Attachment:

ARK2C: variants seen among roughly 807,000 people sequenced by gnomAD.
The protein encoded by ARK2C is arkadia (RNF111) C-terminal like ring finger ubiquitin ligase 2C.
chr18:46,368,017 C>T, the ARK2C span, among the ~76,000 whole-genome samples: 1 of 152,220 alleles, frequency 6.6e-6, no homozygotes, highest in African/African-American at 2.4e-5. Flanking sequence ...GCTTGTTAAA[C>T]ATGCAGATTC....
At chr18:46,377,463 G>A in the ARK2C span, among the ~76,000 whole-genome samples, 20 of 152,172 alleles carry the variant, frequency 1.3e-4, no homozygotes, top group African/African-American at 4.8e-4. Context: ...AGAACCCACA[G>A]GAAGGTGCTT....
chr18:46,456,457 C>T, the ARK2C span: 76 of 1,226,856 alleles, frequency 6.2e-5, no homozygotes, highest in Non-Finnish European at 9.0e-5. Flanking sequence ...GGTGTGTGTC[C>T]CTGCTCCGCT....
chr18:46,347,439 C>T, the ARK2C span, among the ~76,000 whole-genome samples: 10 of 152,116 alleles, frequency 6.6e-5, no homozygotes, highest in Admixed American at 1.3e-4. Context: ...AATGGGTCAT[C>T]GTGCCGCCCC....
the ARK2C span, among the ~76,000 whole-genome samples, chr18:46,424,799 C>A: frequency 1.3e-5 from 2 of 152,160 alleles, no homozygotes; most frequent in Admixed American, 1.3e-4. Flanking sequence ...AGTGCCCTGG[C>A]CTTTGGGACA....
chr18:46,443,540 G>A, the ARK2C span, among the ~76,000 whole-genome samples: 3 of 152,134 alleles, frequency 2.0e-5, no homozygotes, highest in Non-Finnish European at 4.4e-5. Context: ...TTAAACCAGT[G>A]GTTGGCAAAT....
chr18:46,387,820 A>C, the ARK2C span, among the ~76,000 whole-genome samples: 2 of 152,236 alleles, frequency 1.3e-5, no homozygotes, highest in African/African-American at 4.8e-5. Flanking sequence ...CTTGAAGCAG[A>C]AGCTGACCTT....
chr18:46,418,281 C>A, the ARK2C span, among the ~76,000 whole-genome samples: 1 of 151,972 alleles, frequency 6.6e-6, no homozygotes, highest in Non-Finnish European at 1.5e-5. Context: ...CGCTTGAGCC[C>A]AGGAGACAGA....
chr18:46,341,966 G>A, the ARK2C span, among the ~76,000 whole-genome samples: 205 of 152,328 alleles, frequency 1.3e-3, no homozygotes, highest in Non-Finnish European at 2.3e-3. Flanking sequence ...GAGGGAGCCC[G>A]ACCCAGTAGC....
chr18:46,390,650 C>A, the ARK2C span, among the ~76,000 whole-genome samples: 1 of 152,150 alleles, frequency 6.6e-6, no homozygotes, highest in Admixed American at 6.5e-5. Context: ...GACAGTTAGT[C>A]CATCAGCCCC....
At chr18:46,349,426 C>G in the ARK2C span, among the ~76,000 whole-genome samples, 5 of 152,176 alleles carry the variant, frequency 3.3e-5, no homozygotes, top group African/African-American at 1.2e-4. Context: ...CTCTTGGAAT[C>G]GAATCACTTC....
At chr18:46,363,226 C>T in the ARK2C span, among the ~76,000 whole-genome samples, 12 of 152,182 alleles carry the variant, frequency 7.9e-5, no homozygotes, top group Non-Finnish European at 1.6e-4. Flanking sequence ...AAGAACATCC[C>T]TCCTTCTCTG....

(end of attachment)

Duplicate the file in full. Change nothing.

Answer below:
ARK2C: variants seen among roughly 807,000 people sequenced by gnomAD.
The protein encoded by ARK2C is arkadia (RNF111) C-terminal like ring finger ubiquitin ligase 2C.
chr18:46,368,017 C>T, the ARK2C span, among the ~76,000 whole-genome samples: 1 of 152,220 alleles, frequency 6.6e-6, no homozygotes, highest in African/African-American at 2.4e-5. Flanking sequence ...GCTTGTTAAA[C>T]ATGCAGATTC....
At chr18:46,377,463 G>A in the ARK2C span, among the ~76,000 whole-genome samples, 20 of 152,172 alleles carry the variant, frequency 1.3e-4, no homozygotes, top group African/African-American at 4.8e-4. Context: ...AGAACCCACA[G>A]GAAGGTGCTT....
chr18:46,456,457 C>T, the ARK2C span: 76 of 1,226,856 alleles, frequency 6.2e-5, no homozygotes, highest in Non-Finnish European at 9.0e-5. Flanking sequence ...GGTGTGTGTC[C>T]CTGCTCCGCT....
chr18:46,347,439 C>T, the ARK2C span, among the ~76,000 whole-genome samples: 10 of 152,116 alleles, frequency 6.6e-5, no homozygotes, highest in Admixed American at 1.3e-4. Context: ...AATGGGTCAT[C>T]GTGCCGCCCC....
the ARK2C span, among the ~76,000 whole-genome samples, chr18:46,424,799 C>A: frequency 1.3e-5 from 2 of 152,160 alleles, no homozygotes; most frequent in Admixed American, 1.3e-4. Flanking sequence ...AGTGCCCTGG[C>A]CTTTGGGACA....
chr18:46,443,540 G>A, the ARK2C span, among the ~76,000 whole-genome samples: 3 of 152,134 alleles, frequency 2.0e-5, no homozygotes, highest in Non-Finnish European at 4.4e-5. Context: ...TTAAACCAGT[G>A]GTTGGCAAAT....
chr18:46,387,820 A>C, the ARK2C span, among the ~76,000 whole-genome samples: 2 of 152,236 alleles, frequency 1.3e-5, no homozygotes, highest in African/African-American at 4.8e-5. Flanking sequence ...CTTGAAGCAG[A>C]AGCTGACCTT....
chr18:46,418,281 C>A, the ARK2C span, among the ~76,000 whole-genome samples: 1 of 151,972 alleles, frequency 6.6e-6, no homozygotes, highest in Non-Finnish European at 1.5e-5. Context: ...CGCTTGAGCC[C>A]AGGAGACAGA....
chr18:46,341,966 G>A, the ARK2C span, among the ~76,000 whole-genome samples: 205 of 152,328 alleles, frequency 1.3e-3, no homozygotes, highest in Non-Finnish European at 2.3e-3. Flanking sequence ...GAGGGAGCCC[G>A]ACCCAGTAGC....
chr18:46,390,650 C>A, the ARK2C span, among the ~76,000 whole-genome samples: 1 of 152,150 alleles, frequency 6.6e-6, no homozygotes, highest in Admixed American at 6.5e-5. Context: ...GACAGTTAGT[C>A]CATCAGCCCC....
At chr18:46,349,426 C>G in the ARK2C span, among the ~76,000 whole-genome samples, 5 of 152,176 alleles carry the variant, frequency 3.3e-5, no homozygotes, top group African/African-American at 1.2e-4. Context: ...CTCTTGGAAT[C>G]GAATCACTTC....
At chr18:46,363,226 C>T in the ARK2C span, among the ~76,000 whole-genome samples, 12 of 152,182 alleles carry the variant, frequency 7.9e-5, no homozygotes, top group Non-Finnish European at 1.6e-4. Flanking sequence ...AAGAACATCC[C>T]TCCTTCTCTG....